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‘Smart’ vs. ‘Secure’: How Can Cities Find the Right Balance?

An interview with Deputy Secretary, Smart Nation & Digital Government at Prime Minister’s Office, Singapore

In the first part of this interview, BRINK Asia spoke with Tan Kok Yam, deputy secretary, Smart Nation & Digital Government at the Prime Minister’s Office in Singapore, about the increasing importance of technology in urban solutions with an emphasis on Singapore, the various risks associated with it and how those risks can be mitigated.

In this second part, Mr. Tan speaks more broadly about cross-border cybersecurity collaboration in ASEAN, playing the balancing act between going smart and remaining secure and the impact tech disruption and increased digitization will have on the future of Asian cities.

BRINK Asia: How can Asian cities collaborate in terms of cross-border platforms and cross-border cybersecurity?

Tan Kok Yam: It is important for cities to come together to share good ideas and best practices, explore collaborations and test-bed people-centric smart solutions. This year, Singapore established the ASEAN Smart Cities Network (ASCN) as a key deliverable of our ASEAN chairmanship. Twenty-six member cities are part of the network, which will allow the region to harness the opportunities presented by rapid urbanization while building resilience against increasingly complex challenges, like cyber threats and trade friction.

Collaboration between the different cities in the region is not always easy because they are at different levels of development. But at the same time, cities can learn from one another by sharing both successes and failures of various approaches.

Even before we are connected digitally, ASEAN cities and countries are connected physically, through trade and investment. I think collaboration can be strengthened in those areas. For example, I think we can derive significant benefits from common e-payment platforms, so that people can traverse ASEAN and pay for things with ease. Greater interoperability to facilitate commerce will be great for the region.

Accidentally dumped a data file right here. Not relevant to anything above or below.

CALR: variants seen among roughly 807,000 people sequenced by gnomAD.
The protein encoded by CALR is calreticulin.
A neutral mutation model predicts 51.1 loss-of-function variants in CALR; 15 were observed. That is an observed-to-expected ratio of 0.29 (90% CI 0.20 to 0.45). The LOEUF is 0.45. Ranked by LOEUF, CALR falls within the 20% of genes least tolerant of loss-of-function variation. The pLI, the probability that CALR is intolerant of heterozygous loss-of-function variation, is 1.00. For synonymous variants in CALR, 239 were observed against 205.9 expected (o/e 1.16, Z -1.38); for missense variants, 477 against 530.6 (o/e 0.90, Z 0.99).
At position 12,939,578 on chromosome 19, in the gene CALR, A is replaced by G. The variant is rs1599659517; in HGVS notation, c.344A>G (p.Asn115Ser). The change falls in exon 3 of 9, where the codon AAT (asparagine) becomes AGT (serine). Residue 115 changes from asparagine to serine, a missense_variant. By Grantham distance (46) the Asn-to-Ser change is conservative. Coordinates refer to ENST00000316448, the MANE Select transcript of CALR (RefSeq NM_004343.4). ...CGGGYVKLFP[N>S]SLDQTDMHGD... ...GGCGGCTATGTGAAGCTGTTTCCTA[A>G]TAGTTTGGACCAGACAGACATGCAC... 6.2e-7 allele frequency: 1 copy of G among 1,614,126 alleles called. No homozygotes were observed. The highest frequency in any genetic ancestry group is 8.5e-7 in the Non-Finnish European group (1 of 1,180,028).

Of course, we can also learn from one another in terms of the implementation of digital technology to solve municipal issues, whether it is in the use of sensors or smart street lighting, for example. These are the kinds of gains we can make in the ASCN.

BRINK Asia: The big question for authorities: Can smart and secure go hand in hand?

Mr. Tan: I like to use the analogy of a car. If you want to go fast in a car, you need to step on the accelerator, and you need to have a good engine, and you also need to have good brakes to avoid crashing. They absolutely must go hand in hand, and if we are confident and if we know that our systems are secure and reliable, then we will digitize faster, and we will be more confident to put systems in place. If we are not confident or we don’t invest in cybersecurity, then we would be either foolhardy to go fast, or we just don’t move at all because we would be worried half the time about an impending cyber breach. It is, therefore, not about whether smart and secure can go hand in hand—it’s that they must.

BRINK Asia: Given the interplay between usability, costs and security, it must be a challenge coordinating a city’s digitization strategy among different government bodies. Can you tell us a little about how Singapore goes about it?

Mr. Tan: We do have a coordinating body that does a tradeoff between costs, usability and security as all these three things are important. Sometimes, adopting a technology could be very useful and very secure, but it costs taxpayers a lot of money. At other times, it may be cost-effective and useful, but not secure—so we need to be mindful of obtaining the right balance.